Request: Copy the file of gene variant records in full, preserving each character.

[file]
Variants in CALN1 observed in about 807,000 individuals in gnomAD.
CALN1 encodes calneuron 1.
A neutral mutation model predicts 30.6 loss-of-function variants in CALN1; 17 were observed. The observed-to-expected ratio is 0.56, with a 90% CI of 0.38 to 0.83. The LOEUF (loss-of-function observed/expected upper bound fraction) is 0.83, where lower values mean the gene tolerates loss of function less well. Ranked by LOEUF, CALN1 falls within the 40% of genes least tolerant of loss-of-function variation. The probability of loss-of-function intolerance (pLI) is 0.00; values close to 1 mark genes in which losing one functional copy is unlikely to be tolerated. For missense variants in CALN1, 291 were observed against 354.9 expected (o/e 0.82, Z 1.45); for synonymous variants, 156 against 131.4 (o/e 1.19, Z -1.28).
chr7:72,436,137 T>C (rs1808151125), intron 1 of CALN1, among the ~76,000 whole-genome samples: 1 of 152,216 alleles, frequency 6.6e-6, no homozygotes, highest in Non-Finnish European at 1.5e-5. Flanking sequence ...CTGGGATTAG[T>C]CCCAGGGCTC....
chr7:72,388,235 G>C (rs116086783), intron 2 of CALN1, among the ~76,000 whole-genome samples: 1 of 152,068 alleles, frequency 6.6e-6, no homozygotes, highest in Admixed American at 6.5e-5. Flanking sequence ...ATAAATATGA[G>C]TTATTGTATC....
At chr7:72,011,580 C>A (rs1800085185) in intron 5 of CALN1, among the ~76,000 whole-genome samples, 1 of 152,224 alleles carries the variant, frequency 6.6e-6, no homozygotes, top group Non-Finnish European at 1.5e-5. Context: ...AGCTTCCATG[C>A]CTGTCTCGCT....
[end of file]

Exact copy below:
Variants in CALN1 observed in about 807,000 individuals in gnomAD.
CALN1 encodes calneuron 1.
A neutral mutation model predicts 30.6 loss-of-function variants in CALN1; 17 were observed. The observed-to-expected ratio is 0.56, with a 90% CI of 0.38 to 0.83. The LOEUF (loss-of-function observed/expected upper bound fraction) is 0.83, where lower values mean the gene tolerates loss of function less well. Ranked by LOEUF, CALN1 falls within the 40% of genes least tolerant of loss-of-function variation. The probability of loss-of-function intolerance (pLI) is 0.00; values close to 1 mark genes in which losing one functional copy is unlikely to be tolerated. For missense variants in CALN1, 291 were observed against 354.9 expected (o/e 0.82, Z 1.45); for synonymous variants, 156 against 131.4 (o/e 1.19, Z -1.28).
chr7:72,436,137 T>C (rs1808151125), intron 1 of CALN1, among the ~76,000 whole-genome samples: 1 of 152,216 alleles, frequency 6.6e-6, no homozygotes, highest in Non-Finnish European at 1.5e-5. Flanking sequence ...CTGGGATTAG[T>C]CCCAGGGCTC....
chr7:72,388,235 G>C (rs116086783), intron 2 of CALN1, among the ~76,000 whole-genome samples: 1 of 152,068 alleles, frequency 6.6e-6, no homozygotes, highest in Admixed American at 6.5e-5. Flanking sequence ...ATAAATATGA[G>C]TTATTGTATC....
At chr7:72,011,580 C>A (rs1800085185) in intron 5 of CALN1, among the ~76,000 whole-genome samples, 1 of 152,224 alleles carries the variant, frequency 6.6e-6, no homozygotes, top group Non-Finnish European at 1.5e-5. Context: ...AGCTTCCATG[C>A]CTGTCTCGCT....